COVID-19 Updates

CCSO functions with a provincial perspective in partnership with health care providers, leaders, MOH and Ontario Health to ensure principles and elements of surge capacity management and the provincial structures for critical care are reinforced. CCSO’s tools and resources will continue to support this pandemic event.

COVID-19 and Critical Care in Ontario

With reports of COVID-19 significantly impacting critical care units around the globe, many partners across the province are planning within critical care units, hospitals and regions to be as prepared as possible. 

CCSO is working closely with health system partners to leverage many of the programs and tools implemented through the Critical Care Strategy. In addition, CCSO will be sharing updates and new resources that will support inter-unit and inter-hospital pandemic planning efforts.

All content and media posted on the CCSO web site (in particular the Resources section) are shared for informational purposes only.  CCSO does not endorse these documents and has made them available as potential resources for practitioners to use in conjunction with their clinical context and planning decisions that are taking place within their organizations.

Critical Care Capacity

The experience for health care workers and health system leaders during SARS highlighted incomplete system-level understanding of what, and where, critical care resources existed and how silo functioning impeded the ability to identify and leverage resources across a region to improve access for patients. 

The implementation of programs under the Critical Care Strategy and all subsequent programs supported by CCSO have at their core a focus on monitoring capacity and knowing where it exists and how to leverage this capacity across the system. 

The increasing demand for critical care beds and resources to care for the volumes related to COVID-19 will be significant. A response to this is requiring local, regional and province-wide inputs, to leverage all capacity across all sites, ensuring core services can be maintained and that patients continue to have access to care.


Since 2009, CCSO has supported a provincial ventilator stockpile with over 200 additional ventilators available to hospitals across the province during times of capacity pressures. Additional resources have been made available to increase the number of ventilators in the provincial stockpile that can be used to meet demand in critical care capacity.  These ventilators could potentially be used to care for critical care patients in non-traditional expanded physical space.

The Provincial Ventilator Stockpile Guidance document can be found here as well as the addendum document for the pandemic process here. The documentation for completion – after following the release request process identified in the addendum document – can be accessed here.

Data Analytics and Reporting

The ability to capture information on the COVID-19 status of patients admitted to Ontario critical care units through the Critical Care Information system (CCIS) will facilitate monitoring trends over time of COVID-19 in this patient population. CCSO also monitors ICU capacity pressures and resource utilization crucial to understanding critical care activity in regions and specific hospital sites.

CCSO has developed Provincial and Regional daily COVID-19 Adult, Paediatric, and Neonatal Critical Care dashboard. The dashboard, disseminated daily to our critical care stakeholders, is formatted to provide data analyzed according to previous LHIN boundaries and aggregate information for the corresponding five Ontario Health Regions.  It provides hospitals, regions, provincial leadership, Critical Care Clinical Leads and the Ontario Critical Care COVID-19 Command Centre with information pertinent to COVID-19 activity in critical care units and informs responsive system planning to identify and address any emerging pressures in critical care capacity.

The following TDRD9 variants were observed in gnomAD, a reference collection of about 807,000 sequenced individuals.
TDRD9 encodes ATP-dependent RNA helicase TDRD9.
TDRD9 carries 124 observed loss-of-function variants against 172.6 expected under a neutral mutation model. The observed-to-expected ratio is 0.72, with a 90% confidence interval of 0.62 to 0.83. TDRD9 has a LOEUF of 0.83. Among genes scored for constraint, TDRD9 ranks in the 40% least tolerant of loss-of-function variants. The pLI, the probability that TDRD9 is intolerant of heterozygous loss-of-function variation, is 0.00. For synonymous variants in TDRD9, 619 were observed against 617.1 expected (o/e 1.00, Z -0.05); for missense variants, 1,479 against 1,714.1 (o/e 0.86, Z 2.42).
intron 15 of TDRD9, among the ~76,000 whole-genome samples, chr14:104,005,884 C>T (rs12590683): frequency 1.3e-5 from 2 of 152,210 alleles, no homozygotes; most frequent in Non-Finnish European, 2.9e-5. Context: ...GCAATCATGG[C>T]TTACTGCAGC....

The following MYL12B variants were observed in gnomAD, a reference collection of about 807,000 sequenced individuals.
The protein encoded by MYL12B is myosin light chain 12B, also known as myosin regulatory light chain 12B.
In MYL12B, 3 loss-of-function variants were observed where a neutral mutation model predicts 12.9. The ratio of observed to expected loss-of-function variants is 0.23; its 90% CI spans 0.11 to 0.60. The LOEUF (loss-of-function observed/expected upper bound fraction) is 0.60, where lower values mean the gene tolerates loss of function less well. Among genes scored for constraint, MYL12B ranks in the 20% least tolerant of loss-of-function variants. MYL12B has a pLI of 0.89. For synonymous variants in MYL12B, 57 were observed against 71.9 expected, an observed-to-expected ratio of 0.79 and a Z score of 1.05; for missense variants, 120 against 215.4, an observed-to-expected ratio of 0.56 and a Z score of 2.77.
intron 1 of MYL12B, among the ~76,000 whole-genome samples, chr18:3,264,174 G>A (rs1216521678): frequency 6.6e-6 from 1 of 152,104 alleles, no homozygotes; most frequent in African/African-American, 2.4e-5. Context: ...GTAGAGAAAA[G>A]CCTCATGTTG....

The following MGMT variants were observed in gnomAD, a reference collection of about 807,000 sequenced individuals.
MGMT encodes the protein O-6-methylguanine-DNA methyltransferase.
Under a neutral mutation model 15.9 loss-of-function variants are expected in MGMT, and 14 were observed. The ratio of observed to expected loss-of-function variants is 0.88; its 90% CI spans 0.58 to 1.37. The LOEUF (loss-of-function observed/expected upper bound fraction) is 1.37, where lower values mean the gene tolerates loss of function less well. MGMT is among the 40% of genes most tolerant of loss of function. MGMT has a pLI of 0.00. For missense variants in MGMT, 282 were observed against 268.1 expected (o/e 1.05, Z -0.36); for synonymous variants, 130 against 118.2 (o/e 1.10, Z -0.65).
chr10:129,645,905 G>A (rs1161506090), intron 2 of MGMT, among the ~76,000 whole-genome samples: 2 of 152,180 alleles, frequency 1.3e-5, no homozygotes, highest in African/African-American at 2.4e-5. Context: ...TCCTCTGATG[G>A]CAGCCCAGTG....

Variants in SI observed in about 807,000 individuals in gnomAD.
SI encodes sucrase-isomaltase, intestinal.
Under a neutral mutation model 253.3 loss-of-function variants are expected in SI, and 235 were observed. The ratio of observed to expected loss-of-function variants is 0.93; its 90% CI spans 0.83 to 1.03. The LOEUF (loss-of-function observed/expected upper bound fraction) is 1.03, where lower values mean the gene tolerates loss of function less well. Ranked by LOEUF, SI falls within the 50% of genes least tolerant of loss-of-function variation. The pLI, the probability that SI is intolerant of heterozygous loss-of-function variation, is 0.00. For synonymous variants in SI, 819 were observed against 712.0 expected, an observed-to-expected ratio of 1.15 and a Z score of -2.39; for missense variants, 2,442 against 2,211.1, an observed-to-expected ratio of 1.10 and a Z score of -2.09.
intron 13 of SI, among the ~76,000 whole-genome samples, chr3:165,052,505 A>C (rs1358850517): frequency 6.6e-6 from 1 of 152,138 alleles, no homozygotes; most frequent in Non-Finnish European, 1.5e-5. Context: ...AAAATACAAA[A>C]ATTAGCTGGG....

The timeliness and completeness of CCIS data entry is important to ensure timely and accurate data reporting required to identify system pressures and responding accordingly. Effective March 30, 2020, CCSO requests that each ICU complete LSI ventilation data for all patients in CCIS by 5:30 am. For example, all CCIS data for Monday, March 30th, 2020 is required to be entered in CCIS, fully and accurately, no later than 5:30 a.m. on March 31, 2020. Please refer to the memo disseminated by CCSO to all ICU leaders on March 30, 2020 for more information.  

Find out more about the Critical Care Information System here

CCIS Data Requests

CCIS data (including COVID-19 data) may be requested for research or non-research purposes as permitted under PHIPA. The request can be made by completing the appropriate data request forms (Research; non-Research) and submitted to the CritiCall Ontario Privacy Lead. All requests are reviewed by the CCIS Data Stewardship Committee. 

Note: There is a COVID-19 Research Review Sub-Committee Expedited Review Process.

Planning Tables & Support by Provincial Critical Care Leads

CCSO leadership and members of Provincial Critical Care Leads and Provincial Critical Care Executive Committee (PCCEC) actively participate on a number of the provincial, regional and local pandemic planning committees. These include: 

  • Provincial Critical Care Command Table
  • Ontario Critical Care COVID-19 Command Centre
  • Provincial Ethics Committee
  • Regional Planning Committees

The Provincial Critical Care Leads play an important system-level role regionally and locally to support and coordinate resources and planning during the COVID-19 pandemic.

  1. Erie St. Clair: Dr. Eli Malus
  2. South West:  Dr. Ian Ball
  3. Waterloo Wellington: Dr. Francis Reinders
  4. Hamilton Niagara Haldimand Brant: Dr. Peter Kraus
  5. Central West: Dr. Mike Miletin
  6. Missisauga Halton: Dr. Janos Pataki
  7. Toronto Central: Dr. Niall D. Ferguson
  8. Central: Dr. Mike Sullivan 
  9. Central East: Dr. Randy Wax